You may have read my initial post on the decision-making process we are currently going through to determine if we are going to traditionally school or home school our oldest child. As I stated in that post, this topic and thought process runs deep and there are many things to consider. So here is the next thing I have in mind as I make the decision to home school or to send our daughter to traditional school: In many ways homeschooling is not an option. We are our children’s first (and I would argue, primary) teachers whether we recognize it or not.
My kids are watching me. Every day they are watching me.
I can choose to think this is creepy (and I do), but I cannot change it.
They are observing how I behave, what I say, how I interact with other people, how I spend my time. And they are creating their perspective of the world and how it works based on my behavior. They are doing it with my husband, too. So they are already learning in the school of life that we established the moment we brought them into our home.
Thus My husband and I are, by default, our kids first teachers. Continue Reading
One of the first lessons I learned as a parent was to watch what I say. Somehow having a sweet, innocent child observing and listening to me made me consider each word. Suddenly, I was aware of terms, innocuous in today’s society, having a deeper significance.
Words like “stupid” and “hate” suddenly regained their hurtful-nature.
A phrase like “I don’t care” stung the way it ought to.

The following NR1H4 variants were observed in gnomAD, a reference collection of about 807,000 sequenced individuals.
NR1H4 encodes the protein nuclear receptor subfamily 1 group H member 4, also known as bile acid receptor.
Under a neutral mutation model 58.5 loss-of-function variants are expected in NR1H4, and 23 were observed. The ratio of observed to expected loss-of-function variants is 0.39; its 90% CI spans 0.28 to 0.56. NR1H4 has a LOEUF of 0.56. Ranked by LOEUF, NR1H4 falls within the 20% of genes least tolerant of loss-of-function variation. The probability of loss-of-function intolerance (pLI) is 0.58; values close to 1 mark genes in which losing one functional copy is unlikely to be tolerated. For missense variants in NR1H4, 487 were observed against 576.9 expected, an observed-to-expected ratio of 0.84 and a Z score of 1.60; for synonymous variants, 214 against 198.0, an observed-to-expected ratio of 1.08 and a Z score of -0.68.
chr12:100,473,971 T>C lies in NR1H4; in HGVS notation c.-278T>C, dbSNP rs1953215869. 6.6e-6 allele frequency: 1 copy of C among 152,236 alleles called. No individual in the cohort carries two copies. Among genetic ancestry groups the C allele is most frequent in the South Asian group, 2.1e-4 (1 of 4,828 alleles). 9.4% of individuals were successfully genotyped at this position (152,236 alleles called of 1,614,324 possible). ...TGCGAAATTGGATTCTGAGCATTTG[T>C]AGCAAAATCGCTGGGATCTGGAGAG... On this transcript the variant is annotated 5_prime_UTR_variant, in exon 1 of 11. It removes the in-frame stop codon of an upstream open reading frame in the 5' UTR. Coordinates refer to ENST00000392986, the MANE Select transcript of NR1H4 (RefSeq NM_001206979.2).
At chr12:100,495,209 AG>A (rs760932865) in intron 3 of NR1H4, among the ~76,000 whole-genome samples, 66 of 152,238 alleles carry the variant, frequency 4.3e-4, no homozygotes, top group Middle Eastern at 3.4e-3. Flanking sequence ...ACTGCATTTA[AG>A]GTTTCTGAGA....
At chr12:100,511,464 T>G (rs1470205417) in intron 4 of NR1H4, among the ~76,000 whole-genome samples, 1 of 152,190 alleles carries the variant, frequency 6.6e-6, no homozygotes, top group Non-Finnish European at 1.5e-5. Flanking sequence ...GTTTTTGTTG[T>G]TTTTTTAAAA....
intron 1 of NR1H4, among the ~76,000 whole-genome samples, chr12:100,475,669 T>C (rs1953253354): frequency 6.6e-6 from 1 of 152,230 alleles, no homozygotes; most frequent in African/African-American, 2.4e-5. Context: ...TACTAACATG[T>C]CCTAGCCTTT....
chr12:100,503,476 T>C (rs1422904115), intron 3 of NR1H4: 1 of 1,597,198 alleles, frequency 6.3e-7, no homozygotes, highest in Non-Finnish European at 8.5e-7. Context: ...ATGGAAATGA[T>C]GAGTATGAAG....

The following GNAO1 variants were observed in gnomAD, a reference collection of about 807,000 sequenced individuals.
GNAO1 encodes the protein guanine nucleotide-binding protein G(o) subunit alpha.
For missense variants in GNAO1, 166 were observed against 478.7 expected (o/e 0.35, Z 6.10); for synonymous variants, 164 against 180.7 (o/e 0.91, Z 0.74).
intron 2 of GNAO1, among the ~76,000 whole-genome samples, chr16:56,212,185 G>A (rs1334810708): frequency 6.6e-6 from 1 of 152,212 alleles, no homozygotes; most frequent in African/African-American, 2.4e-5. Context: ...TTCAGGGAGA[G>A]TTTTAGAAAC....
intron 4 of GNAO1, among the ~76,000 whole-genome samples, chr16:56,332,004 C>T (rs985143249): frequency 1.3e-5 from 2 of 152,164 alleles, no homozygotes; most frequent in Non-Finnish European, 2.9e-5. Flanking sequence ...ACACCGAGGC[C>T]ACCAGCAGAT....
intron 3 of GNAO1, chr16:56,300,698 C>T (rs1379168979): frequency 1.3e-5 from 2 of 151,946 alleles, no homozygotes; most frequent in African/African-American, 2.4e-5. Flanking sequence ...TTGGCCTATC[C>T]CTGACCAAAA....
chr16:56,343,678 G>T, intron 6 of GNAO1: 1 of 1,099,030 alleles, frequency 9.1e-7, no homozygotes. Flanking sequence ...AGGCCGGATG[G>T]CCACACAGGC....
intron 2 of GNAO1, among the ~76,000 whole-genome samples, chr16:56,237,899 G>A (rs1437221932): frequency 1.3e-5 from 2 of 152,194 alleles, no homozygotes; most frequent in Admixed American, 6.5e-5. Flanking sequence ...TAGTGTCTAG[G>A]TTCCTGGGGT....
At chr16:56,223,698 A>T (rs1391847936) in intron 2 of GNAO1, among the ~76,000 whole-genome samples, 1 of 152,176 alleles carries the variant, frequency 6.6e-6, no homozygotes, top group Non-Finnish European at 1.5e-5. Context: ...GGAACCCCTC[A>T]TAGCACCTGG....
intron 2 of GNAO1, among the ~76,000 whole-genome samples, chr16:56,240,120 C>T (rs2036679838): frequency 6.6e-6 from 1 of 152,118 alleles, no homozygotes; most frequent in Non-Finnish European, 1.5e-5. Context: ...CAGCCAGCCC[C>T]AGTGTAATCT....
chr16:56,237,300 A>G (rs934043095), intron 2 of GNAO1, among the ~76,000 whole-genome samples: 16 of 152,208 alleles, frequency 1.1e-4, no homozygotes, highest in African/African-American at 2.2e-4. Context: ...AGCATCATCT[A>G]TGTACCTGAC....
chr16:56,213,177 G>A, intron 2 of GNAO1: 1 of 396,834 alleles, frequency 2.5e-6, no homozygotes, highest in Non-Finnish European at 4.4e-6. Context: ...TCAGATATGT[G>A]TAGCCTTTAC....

It was as though my words became magnified. Each offending word was dissected and deemed unworthy of my child’s ears. Immediately my children had a way of changing the way I communicate. They made me more aware of the importance of words – the way they can be used to hurt or to heal.
I discovered in my time in God’s Word that God places as much or more significance on the words of my mouth. He is concerned with what I say so much that He has given many instructions regarding the mouth. By reading just the book of Proverbs (a good starting place for words of practical wisdom), I realized that God truly cares about what I say. He even cares how I employ words when talking to my children. And He sees the pain that “bad” words can inflict; and encourages “good” words as a healing salve. Continue Reading
Most people don’t specifically choose their Bibles. They are gifted one when they become a believer. They use their grandmother’s old Bible. They don’t know what to look for, so they just pick one that is pretty. Some adults even still carry around their very first Bibles (often a student Bible) just because they want what is familiar to them.
But, did you know that you can pick the best Bible for you based on something concrete? Something that is measured by more than familiarity or fancy? Based on the quality and accuracy of the translation. And did you know there is a way to discover if the Bible you hold in your hands is a good and accurate translation?
We are on the last week of our Precept study of 1 Thessalonians and I sat down to do my work this morning with a heavy heart. Yesterday was full of struggles with our little one. The latest struggle is one which I feel much less than equipped to walk her through. I have been at pains to figure out how to teach her truth, with the patience necessary to await her brain to make new connections and then change the behavior.
And, honestly, after my study this morning, I am still not sure of the answers to these concerns. But I found encouragement and hope in doing a word study of “admonish the unruly” from 1 Thessalonians 5:14. One of the ways to cement truth into my heart is to do a synthesis of what I have learned. I thought I would share my synthesis with you, I hope it is encouragement for the parent who is weary of admonishing, or unsure of even how to admonish their little ones.